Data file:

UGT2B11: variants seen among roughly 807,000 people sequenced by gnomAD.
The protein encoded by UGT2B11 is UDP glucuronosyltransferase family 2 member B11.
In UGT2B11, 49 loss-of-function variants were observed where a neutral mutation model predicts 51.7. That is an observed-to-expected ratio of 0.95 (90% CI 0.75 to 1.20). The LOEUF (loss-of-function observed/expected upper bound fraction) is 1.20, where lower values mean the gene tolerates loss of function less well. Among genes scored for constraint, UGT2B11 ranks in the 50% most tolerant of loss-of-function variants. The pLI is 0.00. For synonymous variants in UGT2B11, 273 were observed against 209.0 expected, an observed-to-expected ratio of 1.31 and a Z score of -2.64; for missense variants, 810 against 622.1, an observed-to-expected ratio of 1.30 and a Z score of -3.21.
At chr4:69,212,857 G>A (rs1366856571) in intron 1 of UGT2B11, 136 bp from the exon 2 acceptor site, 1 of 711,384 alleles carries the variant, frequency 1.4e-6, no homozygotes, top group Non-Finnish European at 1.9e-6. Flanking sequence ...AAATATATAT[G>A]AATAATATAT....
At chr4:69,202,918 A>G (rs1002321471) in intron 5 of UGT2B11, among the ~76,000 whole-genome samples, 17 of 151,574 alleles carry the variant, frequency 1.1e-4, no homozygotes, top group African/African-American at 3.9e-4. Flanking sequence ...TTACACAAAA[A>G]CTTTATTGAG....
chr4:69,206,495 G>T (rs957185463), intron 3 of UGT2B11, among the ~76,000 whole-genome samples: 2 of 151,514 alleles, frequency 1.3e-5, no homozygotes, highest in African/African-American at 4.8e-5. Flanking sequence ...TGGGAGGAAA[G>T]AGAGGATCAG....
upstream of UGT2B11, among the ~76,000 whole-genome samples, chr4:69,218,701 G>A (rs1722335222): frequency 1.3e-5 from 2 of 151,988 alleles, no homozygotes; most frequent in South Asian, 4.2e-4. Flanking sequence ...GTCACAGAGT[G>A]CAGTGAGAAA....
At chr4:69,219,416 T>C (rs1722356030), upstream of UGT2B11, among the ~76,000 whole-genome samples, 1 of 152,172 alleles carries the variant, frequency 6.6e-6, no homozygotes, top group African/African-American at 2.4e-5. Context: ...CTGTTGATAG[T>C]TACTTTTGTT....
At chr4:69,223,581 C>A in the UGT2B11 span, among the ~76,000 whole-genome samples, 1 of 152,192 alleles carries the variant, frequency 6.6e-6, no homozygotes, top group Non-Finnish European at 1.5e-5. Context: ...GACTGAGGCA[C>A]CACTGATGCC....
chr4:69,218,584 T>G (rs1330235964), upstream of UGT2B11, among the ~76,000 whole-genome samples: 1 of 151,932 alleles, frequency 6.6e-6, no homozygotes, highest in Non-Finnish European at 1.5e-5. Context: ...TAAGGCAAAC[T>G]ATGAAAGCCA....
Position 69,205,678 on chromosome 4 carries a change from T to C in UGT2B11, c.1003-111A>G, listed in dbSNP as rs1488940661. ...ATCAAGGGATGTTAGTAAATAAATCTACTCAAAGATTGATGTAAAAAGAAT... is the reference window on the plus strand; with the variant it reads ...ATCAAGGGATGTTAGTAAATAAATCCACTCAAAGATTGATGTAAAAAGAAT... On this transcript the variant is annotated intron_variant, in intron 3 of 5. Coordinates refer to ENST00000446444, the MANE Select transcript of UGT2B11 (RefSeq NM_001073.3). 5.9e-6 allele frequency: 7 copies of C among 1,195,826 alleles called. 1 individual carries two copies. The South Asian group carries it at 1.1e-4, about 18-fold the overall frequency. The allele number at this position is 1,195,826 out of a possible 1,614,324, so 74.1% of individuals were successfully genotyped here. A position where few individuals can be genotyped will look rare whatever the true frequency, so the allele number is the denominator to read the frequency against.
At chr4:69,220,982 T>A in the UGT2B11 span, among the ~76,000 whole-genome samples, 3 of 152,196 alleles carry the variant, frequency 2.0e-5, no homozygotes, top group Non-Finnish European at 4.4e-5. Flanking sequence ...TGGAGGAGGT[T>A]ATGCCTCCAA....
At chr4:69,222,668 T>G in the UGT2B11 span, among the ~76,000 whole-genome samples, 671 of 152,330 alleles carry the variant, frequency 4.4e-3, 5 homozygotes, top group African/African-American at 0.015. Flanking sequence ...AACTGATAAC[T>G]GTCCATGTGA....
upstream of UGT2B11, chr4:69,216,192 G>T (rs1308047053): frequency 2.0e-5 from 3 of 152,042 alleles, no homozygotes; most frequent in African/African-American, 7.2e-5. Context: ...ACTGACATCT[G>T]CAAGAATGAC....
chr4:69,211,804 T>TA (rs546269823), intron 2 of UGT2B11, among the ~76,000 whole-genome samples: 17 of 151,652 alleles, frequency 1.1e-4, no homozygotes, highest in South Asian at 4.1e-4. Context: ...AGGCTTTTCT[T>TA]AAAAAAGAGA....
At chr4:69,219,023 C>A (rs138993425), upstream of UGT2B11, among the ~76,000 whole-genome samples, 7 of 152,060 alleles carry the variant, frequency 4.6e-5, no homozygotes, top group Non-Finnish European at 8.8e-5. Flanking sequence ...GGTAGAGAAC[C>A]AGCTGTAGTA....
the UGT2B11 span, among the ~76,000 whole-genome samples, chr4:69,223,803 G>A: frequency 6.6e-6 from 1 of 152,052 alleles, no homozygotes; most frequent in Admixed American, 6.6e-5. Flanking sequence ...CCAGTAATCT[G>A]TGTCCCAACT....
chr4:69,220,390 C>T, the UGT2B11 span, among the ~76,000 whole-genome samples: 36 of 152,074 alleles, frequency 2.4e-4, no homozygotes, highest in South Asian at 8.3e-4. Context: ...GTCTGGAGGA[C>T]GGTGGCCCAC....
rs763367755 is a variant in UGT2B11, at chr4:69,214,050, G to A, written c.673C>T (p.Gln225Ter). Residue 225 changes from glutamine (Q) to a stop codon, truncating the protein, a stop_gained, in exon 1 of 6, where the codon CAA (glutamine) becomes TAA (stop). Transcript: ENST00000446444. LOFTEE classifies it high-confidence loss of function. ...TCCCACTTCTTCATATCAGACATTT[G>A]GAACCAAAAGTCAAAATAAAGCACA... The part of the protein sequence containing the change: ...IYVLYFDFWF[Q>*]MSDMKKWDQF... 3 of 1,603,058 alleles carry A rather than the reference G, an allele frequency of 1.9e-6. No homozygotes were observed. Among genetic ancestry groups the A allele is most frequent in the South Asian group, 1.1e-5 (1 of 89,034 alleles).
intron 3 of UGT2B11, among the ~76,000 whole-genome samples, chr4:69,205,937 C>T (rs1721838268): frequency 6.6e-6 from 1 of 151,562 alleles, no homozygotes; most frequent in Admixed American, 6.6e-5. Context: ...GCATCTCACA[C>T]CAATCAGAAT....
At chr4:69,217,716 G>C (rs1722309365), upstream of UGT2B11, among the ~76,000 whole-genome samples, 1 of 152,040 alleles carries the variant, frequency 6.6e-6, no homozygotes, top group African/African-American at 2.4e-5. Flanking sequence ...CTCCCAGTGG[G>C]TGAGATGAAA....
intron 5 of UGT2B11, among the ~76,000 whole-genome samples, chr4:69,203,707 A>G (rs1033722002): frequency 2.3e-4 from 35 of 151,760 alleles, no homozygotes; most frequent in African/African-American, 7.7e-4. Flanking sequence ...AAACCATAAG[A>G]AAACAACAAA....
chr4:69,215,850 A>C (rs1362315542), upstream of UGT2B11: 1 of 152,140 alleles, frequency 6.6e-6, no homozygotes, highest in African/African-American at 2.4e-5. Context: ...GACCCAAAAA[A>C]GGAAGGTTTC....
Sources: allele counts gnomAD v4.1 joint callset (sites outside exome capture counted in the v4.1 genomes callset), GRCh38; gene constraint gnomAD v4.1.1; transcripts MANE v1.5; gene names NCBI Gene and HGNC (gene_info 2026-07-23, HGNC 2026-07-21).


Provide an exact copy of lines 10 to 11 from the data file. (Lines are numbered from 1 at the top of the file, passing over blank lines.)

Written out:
chr4:69,218,584 T>G (rs1330235964), upstream of UGT2B11, among the ~76,000 whole-genome samples: 1 of 151,932 alleles, frequency 6.6e-6, no homozygotes, highest in Non-Finnish European at 1.5e-5. Context: ...TAAGGCAAAC[T>G]ATGAAAGCCA....
Position 69,205,678 on chromosome 4 carries a change from T to C in UGT2B11, c.1003-111A>G, listed in dbSNP as rs1488940661. ...ATCAAGGGATGTTAGTAAATAAATCTACTCAAAGATTGATGTAAAAAGAAT... is the reference window on the plus strand; with the variant it reads ...ATCAAGGGATGTTAGTAAATAAATCCACTCAAAGATTGATGTAAAAAGAAT... On this transcript the variant is annotated intron_variant, in intron 3 of 5. Coordinates refer to ENST00000446444, the MANE Select transcript of UGT2B11 (RefSeq NM_001073.3). 5.9e-6 allele frequency: 7 copies of C among 1,195,826 alleles called. 1 individual carries two copies. The South Asian group carries it at 1.1e-4, about 18-fold the overall frequency. The allele number at this position is 1,195,826 out of a possible 1,614,324, so 74.1% of individuals were successfully genotyped here. A position where few individuals can be genotyped will look rare whatever the true frequency, so the allele number is the denominator to read the frequency against.